Game 1: May 24 – 7:05 ET
R.A. Dickey (2-5, 4.50 ERA, 4.46 FIP) vs.
Nathan Eovaldi (4-2, 4.44 ERA, 3.77 FIP)
This is an interesting matchup in the sense that you have one of the most powerful starting pitchers, from a velocity perspective, against one of the least powerful starters. Eovaldi can consistently run his fastball into the upper 90’s late into his starts, and he compliments that with a power splitter and slider.
He’s always flashed plus stuff and a low walk rate, but it’s never really facilitated into anything more than a back-end starter, mid rotation starter at best. He put together FIP’s of 3.37 and 3.42 the last two season, but there always seemed to be a part of his game that needed work.
However, this year, it looks like he’s beginning to put it together. His strikeouts are up to an impressive 8.32 K/9, while reducing his walk rate to 1.85 BB/9. Both of these improvements come from a better command of all of his pitches. Despite having very good stuff since he entered the big leagues, he never struck out hitters at high rate. His walk rate was always solid because of good control, meaning he was able to put the ball in the strike zone at a high rate, but that also meant lots of contact.
What he’s done now is improved his command, meaning that while he’s throwing the ball in the zone like he always has, where that ball is placed within the zone has improved. Not only is he doing this with his fastball, but with the rest of his repertoire as well. He’s able to locate within the zone with more effectiveness, thus reducing his walk rate, amount of contact given up, and increasing his chances of getting whiffs in and out of the zone.
Once his HR/FB rate of 16.7% normalizes closer to his career rate of 7.7%, that ERA will begin to move closer to his xFIP number of 3.25. All of a sudden, you’re looking at a guy who can be a 2-3 starter in a major league rotation.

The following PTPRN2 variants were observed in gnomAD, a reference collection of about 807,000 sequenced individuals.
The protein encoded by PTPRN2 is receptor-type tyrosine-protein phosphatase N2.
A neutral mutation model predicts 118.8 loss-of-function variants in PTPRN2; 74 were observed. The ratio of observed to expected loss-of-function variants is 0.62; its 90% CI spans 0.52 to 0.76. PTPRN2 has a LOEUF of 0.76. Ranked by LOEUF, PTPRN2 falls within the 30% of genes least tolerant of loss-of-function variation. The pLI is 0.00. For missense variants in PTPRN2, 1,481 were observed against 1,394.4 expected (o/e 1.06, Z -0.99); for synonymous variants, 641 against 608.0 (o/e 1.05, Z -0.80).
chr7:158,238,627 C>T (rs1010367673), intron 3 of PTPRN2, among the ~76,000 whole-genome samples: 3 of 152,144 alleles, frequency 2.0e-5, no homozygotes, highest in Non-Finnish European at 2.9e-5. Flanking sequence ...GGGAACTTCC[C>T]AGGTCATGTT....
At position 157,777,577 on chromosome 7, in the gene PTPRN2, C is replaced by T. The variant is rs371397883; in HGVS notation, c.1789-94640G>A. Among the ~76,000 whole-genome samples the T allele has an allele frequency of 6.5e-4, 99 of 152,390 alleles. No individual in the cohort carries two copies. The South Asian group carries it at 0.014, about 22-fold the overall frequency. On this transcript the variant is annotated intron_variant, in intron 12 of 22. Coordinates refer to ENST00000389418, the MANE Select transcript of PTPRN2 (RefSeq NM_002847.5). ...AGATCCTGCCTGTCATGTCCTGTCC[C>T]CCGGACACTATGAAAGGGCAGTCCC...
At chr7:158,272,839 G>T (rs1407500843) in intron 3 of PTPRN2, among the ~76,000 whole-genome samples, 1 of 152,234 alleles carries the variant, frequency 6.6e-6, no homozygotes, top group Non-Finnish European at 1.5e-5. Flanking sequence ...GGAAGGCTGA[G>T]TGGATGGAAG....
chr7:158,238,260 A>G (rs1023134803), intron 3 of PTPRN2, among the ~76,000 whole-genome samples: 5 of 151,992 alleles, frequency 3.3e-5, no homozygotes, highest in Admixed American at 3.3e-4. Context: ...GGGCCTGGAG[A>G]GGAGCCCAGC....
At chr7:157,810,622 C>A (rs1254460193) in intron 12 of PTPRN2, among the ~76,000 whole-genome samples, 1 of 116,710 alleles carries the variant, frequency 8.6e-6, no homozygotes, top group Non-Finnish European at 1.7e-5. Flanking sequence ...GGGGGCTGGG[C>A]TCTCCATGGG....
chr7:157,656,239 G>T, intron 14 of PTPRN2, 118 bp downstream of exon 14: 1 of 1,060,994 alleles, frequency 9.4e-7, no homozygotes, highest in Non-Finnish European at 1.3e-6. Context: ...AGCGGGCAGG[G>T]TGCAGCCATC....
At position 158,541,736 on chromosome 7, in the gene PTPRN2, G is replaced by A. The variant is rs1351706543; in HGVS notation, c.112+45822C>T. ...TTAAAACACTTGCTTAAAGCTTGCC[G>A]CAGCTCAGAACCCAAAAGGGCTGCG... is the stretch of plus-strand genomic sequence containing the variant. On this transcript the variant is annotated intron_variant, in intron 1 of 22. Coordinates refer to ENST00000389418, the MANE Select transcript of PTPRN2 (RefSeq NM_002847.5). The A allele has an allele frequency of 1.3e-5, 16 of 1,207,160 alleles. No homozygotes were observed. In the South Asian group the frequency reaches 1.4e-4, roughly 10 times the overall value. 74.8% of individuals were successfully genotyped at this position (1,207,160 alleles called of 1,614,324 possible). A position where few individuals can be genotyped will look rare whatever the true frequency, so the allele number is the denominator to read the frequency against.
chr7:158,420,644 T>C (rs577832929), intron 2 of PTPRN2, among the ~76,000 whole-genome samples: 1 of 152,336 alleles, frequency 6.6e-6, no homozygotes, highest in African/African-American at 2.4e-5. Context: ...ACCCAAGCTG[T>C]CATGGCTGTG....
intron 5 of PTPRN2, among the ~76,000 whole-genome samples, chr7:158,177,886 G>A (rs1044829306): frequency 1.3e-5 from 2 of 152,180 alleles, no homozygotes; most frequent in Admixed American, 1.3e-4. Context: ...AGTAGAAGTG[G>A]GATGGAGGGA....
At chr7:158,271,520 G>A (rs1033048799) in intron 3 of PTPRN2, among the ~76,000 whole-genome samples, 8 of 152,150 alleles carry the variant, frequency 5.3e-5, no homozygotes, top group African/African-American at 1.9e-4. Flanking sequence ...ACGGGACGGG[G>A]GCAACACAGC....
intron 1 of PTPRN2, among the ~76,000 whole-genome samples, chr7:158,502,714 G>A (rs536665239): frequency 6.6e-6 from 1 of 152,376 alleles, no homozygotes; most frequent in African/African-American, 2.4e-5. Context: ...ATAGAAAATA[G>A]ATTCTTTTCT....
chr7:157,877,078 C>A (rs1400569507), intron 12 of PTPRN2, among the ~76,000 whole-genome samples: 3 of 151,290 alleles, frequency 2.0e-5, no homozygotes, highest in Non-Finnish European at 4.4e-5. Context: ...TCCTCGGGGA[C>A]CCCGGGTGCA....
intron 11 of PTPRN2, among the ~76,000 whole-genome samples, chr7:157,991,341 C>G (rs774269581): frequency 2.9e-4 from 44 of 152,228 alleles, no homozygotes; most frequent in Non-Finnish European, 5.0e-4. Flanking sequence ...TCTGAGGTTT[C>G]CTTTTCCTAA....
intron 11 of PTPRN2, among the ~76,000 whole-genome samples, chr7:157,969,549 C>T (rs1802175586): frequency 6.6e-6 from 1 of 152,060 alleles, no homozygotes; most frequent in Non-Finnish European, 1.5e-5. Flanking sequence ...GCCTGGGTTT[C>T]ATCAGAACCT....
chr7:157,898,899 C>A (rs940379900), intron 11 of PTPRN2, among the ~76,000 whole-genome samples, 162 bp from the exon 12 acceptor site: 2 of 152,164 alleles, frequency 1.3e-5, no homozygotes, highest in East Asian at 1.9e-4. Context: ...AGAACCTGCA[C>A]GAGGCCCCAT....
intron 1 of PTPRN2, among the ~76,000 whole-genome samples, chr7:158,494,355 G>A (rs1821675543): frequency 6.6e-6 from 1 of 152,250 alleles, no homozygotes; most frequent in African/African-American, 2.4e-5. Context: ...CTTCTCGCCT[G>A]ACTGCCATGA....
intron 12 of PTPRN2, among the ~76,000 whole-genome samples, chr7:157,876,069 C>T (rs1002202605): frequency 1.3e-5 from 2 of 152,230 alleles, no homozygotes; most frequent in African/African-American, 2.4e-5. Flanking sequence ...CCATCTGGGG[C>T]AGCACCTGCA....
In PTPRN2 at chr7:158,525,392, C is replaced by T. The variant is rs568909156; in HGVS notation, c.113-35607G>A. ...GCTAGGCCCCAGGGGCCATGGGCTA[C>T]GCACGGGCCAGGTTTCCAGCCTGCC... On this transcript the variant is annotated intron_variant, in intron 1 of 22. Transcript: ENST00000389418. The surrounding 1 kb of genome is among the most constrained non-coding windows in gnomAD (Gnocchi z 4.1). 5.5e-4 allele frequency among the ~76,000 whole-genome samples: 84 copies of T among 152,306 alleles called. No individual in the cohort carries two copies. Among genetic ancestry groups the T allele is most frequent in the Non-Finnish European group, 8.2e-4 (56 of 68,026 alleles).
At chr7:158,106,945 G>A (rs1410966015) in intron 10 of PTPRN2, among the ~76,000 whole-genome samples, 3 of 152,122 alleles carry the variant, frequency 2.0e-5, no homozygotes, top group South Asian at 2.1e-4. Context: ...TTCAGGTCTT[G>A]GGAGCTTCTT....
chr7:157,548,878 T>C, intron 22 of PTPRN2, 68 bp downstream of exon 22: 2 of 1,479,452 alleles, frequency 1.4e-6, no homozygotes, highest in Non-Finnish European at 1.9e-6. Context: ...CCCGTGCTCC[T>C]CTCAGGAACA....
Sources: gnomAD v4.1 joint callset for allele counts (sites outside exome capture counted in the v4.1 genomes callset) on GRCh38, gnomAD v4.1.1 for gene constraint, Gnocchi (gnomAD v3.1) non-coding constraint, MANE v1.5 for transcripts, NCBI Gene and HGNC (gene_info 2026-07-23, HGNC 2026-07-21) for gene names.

He uses a four pitch mix of a very hard fourseam fastball that averages 97.67 mph, a slider, splitter and curve. He throws the fastball 47% of the time, while mixing in the slider and splitter over 20% of the time. The curve is more of a show me pitch that he mixes in about 7% of the time, but it’s the slider and splitter he relies on to get strikeouts.
This is the type of pitcher you want to be aggressive against, and attack the fastball early in the count. As a hitter, being behind in the count against a guy who can throw 100 and has two strikeout pitches in the high 80’s is very difficult to defend against. Thus, getting to him before he has the chance to expand the zone is important. This will definitely be the toughest test for the Jays offence, so it would be fantastic to see them hit the ball well in game one.
Dickey enters this one pitching basically the way you should expect him to throw. His peripherals are right in line with what he’s done over the past couple of years, and his innings are valued by quantity over quality. He was getting on a roll before slipping in his latest start, and it’s been the home run ball that has been his biggest downfall. His 13.87 HR/FB is a little inflated and is due to come down.
Next: Game 2 Preview: Can we get this man some support?